As lessons commence and the opening handicap is made official, the coaching goes beyond physical
Words by Travis Hill
Light / Dark
Editor’s Note: This is the part two (read part one here) of a year-long series tracking our editor as he attempts to reach a 10-handicap. As of this writing, the TGJ office has him at 50-1 and trending. —Casey Bannon
I got an F in my high school Leadership class. And up until a few weeks ago, I firmly believed it was not my fault. Allow me to explain: Mrs. Bess, a new, young teacher, headed Palm Desert High’s elected student officials and a group of selected “ambassadors” (of which I was one—anything to juice up the college application). She tasked us with a book report on Stephen R. Covey’s The 7 Habits of Highly Effective People.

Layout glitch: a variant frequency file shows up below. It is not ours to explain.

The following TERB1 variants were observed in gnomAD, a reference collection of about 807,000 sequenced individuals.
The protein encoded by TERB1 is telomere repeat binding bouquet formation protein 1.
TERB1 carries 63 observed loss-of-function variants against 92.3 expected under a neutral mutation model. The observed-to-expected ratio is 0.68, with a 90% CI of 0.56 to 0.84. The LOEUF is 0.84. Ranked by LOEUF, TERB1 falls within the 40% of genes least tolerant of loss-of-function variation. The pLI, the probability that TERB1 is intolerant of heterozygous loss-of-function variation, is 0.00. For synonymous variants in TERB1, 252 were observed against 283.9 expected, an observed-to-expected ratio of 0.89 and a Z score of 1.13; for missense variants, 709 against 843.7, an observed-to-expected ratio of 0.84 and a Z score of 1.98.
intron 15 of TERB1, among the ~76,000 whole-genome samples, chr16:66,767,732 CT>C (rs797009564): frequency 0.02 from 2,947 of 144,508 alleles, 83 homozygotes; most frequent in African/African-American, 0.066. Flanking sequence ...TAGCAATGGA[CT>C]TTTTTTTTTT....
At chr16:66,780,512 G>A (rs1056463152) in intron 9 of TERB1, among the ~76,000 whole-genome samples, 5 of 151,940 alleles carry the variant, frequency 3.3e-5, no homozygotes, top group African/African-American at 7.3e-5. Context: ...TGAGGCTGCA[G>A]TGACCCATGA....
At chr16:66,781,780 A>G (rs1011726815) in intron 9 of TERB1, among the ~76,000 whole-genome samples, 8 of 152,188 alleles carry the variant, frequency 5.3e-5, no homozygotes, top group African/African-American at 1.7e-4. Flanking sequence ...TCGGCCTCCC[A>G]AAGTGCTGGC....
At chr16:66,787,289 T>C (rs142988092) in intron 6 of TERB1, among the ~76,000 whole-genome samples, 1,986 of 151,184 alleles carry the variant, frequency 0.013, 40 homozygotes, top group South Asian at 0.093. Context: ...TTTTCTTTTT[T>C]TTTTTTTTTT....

I thought it was bullshit.
Every page felt like some uppity con artist turning common sense truisms like taking responsibility for yourself into aggressively capitalized buzzwords like Circle of Concern and Emotional Bank Account. And that’s what I wrote in my report. Well, Mrs. Bess did not appreciate her personal bible getting trashed for five single-spaced pages. She drew a comically giant red “F” on the opening page and—no joke—drove it to my house and angrily handed it to my mother.
That was a mistake. My mother, one of the most respected teachers in the school district, wasn’t having that. In her view, Mrs. Bess asked for a book report and she got one. Nowhere in the assignment did it say it had to be positive. Our school’s principal—a longtime friend of my mother’s—agreed. And so Mrs. Bess was forced to back down, and I was allowed to do another book report on a mutually agreed upon subject (Magic Johnson, of course); my grade was changed to a C.